There is a coffee shop close to where I live, and the owner is a friendly man. He begins every day anxiously waiting till the milk is fully boiled. If the milk ends up with a bad taste, the coffee will be terrible and he will lose first-time customers as they will never come back. On occasions when the milk curdles, he has to wash and clean every vessel that comes in contact with that milk.
As he prefers fresh buffalo milk every day, he is dependent on his two vendors. He does not mind paying a premium for reliable quality and timeliness – but there aren’t any more reliable vendors.
Though he tries to develop a relationship with his existing milk vendors, it is tough going. The social divide is rather stark. The relationship is what it is, a polite but impersonal one where both the buyer and seller view each other in a transactional manner. They are not invested in each other’s success.
“Can’t do without each other” syndrome
Buyers across industries face this problem. Apple was dependent on Foxconn for assembling iPhones. By 2010, news about harsh treatment of Foxconn employees came to light. 18 workers had attempted suicide and 14 died. Tim Cook had to fly to Foxconn facilities and meet with suicide prevention experts and Foxconn’s senior management in an attempt to stop the rising noise around its brand.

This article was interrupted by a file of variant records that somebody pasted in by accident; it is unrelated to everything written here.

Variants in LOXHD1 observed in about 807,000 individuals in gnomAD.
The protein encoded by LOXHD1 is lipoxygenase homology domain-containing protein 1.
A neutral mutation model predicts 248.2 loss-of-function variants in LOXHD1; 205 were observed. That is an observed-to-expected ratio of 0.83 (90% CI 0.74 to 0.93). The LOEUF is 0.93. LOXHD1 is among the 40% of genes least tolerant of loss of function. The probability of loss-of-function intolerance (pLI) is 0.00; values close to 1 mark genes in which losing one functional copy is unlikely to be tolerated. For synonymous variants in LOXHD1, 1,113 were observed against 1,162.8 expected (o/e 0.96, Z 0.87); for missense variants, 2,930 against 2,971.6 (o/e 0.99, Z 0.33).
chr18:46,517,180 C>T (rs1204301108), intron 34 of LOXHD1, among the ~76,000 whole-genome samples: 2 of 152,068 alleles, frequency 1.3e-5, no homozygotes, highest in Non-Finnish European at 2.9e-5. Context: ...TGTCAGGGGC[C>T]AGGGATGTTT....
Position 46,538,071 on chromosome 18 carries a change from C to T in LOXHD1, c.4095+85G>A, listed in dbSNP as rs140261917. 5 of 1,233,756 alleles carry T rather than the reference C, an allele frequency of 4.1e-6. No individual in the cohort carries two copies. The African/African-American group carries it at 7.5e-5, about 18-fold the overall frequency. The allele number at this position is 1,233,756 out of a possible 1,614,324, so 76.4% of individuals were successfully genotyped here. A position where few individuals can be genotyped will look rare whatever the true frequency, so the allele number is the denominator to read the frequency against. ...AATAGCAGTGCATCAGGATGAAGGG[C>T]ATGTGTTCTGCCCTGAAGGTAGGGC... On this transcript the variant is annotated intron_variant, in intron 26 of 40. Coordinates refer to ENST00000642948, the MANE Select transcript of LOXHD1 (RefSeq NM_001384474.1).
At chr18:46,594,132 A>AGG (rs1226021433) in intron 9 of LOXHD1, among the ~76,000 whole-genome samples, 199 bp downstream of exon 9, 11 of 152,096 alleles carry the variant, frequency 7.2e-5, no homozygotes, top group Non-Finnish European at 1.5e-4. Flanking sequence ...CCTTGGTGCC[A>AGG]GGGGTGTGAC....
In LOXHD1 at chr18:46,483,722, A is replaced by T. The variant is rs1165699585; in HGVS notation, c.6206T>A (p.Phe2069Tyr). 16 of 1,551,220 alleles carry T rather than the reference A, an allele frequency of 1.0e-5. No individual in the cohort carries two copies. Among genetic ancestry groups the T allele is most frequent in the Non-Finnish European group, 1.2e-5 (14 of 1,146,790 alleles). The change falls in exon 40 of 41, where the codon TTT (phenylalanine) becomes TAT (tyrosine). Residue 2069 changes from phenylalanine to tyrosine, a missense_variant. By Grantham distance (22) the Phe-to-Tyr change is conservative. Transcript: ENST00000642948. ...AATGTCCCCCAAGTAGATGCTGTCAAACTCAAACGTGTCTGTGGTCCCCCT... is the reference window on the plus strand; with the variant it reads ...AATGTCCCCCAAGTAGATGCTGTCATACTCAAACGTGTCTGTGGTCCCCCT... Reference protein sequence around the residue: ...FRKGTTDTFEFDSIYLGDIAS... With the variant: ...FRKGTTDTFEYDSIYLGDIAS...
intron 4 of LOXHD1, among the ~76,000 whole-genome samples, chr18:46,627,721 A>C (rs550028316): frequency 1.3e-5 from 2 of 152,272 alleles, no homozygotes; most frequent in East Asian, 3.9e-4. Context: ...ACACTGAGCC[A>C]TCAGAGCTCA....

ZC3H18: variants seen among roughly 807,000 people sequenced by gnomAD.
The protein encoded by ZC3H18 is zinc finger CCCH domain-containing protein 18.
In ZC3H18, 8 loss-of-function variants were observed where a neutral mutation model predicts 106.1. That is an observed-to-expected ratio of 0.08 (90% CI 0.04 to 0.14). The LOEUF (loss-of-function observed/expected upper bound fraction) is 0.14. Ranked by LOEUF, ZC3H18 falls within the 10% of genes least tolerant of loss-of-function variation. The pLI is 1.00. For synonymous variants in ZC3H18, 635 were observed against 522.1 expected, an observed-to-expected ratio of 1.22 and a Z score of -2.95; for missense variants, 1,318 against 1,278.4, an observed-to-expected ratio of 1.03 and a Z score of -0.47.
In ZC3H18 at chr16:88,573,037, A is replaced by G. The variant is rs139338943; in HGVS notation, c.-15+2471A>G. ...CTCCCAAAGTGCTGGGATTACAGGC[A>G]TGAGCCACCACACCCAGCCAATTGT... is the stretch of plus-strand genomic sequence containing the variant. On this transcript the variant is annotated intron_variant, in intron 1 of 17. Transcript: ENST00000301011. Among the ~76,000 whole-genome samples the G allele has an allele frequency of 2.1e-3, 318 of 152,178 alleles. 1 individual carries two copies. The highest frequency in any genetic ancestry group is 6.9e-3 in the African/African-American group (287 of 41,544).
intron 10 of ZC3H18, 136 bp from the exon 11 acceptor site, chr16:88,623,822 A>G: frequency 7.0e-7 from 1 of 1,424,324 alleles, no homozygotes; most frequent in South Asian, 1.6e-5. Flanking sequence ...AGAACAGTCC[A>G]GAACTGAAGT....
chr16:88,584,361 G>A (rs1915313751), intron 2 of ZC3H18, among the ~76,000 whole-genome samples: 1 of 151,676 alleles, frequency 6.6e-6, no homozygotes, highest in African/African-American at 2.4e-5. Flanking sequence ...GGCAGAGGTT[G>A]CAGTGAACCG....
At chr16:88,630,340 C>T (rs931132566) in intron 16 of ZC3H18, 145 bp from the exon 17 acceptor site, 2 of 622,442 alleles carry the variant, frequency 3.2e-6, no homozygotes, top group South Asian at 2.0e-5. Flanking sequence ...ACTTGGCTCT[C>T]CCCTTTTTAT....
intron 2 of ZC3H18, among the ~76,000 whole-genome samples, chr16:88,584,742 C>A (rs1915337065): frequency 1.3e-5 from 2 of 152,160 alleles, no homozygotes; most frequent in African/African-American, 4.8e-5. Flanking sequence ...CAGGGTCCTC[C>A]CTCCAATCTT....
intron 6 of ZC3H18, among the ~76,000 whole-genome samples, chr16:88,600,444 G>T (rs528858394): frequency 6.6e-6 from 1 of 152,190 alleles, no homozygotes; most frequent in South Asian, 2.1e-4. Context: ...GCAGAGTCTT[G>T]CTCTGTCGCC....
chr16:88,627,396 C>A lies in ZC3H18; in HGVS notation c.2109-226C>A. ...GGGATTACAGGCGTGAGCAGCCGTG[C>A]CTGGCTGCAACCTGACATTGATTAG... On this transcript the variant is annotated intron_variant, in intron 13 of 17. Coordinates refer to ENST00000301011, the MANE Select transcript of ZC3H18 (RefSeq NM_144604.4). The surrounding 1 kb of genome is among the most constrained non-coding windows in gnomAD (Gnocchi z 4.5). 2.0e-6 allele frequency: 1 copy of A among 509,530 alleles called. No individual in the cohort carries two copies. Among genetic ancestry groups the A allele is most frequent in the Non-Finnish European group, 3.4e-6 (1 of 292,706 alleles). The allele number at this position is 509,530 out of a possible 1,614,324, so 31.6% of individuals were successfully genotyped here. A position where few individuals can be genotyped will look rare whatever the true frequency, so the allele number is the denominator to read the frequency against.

Apple could not terminate Foxconn’s services. They were far too dependent on Foxconn. Like the coffee shop owner. He too is dependent on the milk vendor. So, how can buyers handle this situation?
Informal, soft power networks
Firms in Korea, Japan and China have organized themselves into a network of buyers and sellers. In those countries, the coffee shop owner and the milk vendor will be part of a network. This allows the coffee shop owner access to more vendors, while the vendors benefit through access to more buyers. This network is called Keiretsu in Japan, Chaebol in Korea and Guanxi in China. These groups have well-established norms of commercial behaviour and it serves its purpose by building trust among members.
If the milk vendor, who is part of such a network, supplies bad quality milk on a regular basis, he would be first counselled and if that continues, thrown out of the group. It would mean the loss of business from all the coffee shop owners and other milk consumers – not just a single client. The same goes for the buyer – if he reneges on paying, or delays payments or shifts requirements, he will be thrown out of the group and will not have access to suppliers inside the group.
While this solution may not work in the case of Apple as it is too big, smaller companies could benefit from such an arrangement. Even Apple can think of forming a group of vendors under its aegis, with some basic norms of commercial and people-related behaviour that could have avoided the Foxconn fiasco.
So, here’s a question for you:
Do you think the concept of a buyer-seller network will work for the IT services market? Or would that result in a higher bar for entry, which in turn can inhibit disruption and innovation?
Note: This article is excerpted from book ‘Games Customers Play’ By Ramesh Dorairaj
Ramesh Dorairaj is consultant, coach and an author. He has 27+ Years of Experience consulting for Fortune 500 companies worldwide. He has groomed 50+ leaders. Has participated in 2.5 Billion $ worth of successful deals. He is a Certified Executive Coach at Marshall Goldsmith Stakeholder Centered Coaching, Certified Sales Coach and a Certified Proposal Coach.